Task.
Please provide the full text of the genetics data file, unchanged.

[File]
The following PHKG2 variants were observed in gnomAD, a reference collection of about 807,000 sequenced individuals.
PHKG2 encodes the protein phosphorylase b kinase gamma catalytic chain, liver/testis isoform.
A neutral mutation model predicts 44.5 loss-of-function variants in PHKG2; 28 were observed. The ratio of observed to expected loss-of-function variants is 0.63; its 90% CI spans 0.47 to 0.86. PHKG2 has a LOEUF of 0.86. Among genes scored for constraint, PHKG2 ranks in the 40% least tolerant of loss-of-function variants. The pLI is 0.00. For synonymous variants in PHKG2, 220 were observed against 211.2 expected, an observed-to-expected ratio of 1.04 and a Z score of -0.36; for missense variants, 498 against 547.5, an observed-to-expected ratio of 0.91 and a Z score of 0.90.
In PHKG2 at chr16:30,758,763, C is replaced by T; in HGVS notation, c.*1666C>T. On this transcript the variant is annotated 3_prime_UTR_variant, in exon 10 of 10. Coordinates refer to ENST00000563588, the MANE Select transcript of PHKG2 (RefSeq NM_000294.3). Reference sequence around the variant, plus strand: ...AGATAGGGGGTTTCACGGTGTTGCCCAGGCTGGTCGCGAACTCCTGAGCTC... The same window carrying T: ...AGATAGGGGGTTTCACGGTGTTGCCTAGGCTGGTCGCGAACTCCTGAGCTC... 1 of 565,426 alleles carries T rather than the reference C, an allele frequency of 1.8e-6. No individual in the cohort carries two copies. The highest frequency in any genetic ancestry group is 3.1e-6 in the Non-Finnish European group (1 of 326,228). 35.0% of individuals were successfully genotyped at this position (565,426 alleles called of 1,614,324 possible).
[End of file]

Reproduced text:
The following PHKG2 variants were observed in gnomAD, a reference collection of about 807,000 sequenced individuals.
PHKG2 encodes the protein phosphorylase b kinase gamma catalytic chain, liver/testis isoform.
A neutral mutation model predicts 44.5 loss-of-function variants in PHKG2; 28 were observed. The ratio of observed to expected loss-of-function variants is 0.63; its 90% CI spans 0.47 to 0.86. PHKG2 has a LOEUF of 0.86. Among genes scored for constraint, PHKG2 ranks in the 40% least tolerant of loss-of-function variants. The pLI is 0.00. For synonymous variants in PHKG2, 220 were observed against 211.2 expected, an observed-to-expected ratio of 1.04 and a Z score of -0.36; for missense variants, 498 against 547.5, an observed-to-expected ratio of 0.91 and a Z score of 0.90.
In PHKG2 at chr16:30,758,763, C is replaced by T; in HGVS notation, c.*1666C>T. On this transcript the variant is annotated 3_prime_UTR_variant, in exon 10 of 10. Coordinates refer to ENST00000563588, the MANE Select transcript of PHKG2 (RefSeq NM_000294.3). Reference sequence around the variant, plus strand: ...AGATAGGGGGTTTCACGGTGTTGCCCAGGCTGGTCGCGAACTCCTGAGCTC... The same window carrying T: ...AGATAGGGGGTTTCACGGTGTTGCCTAGGCTGGTCGCGAACTCCTGAGCTC... 1 of 565,426 alleles carries T rather than the reference C, an allele frequency of 1.8e-6. No individual in the cohort carries two copies. The highest frequency in any genetic ancestry group is 3.1e-6 in the Non-Finnish European group (1 of 326,228). 35.0% of individuals were successfully genotyped at this position (565,426 alleles called of 1,614,324 possible).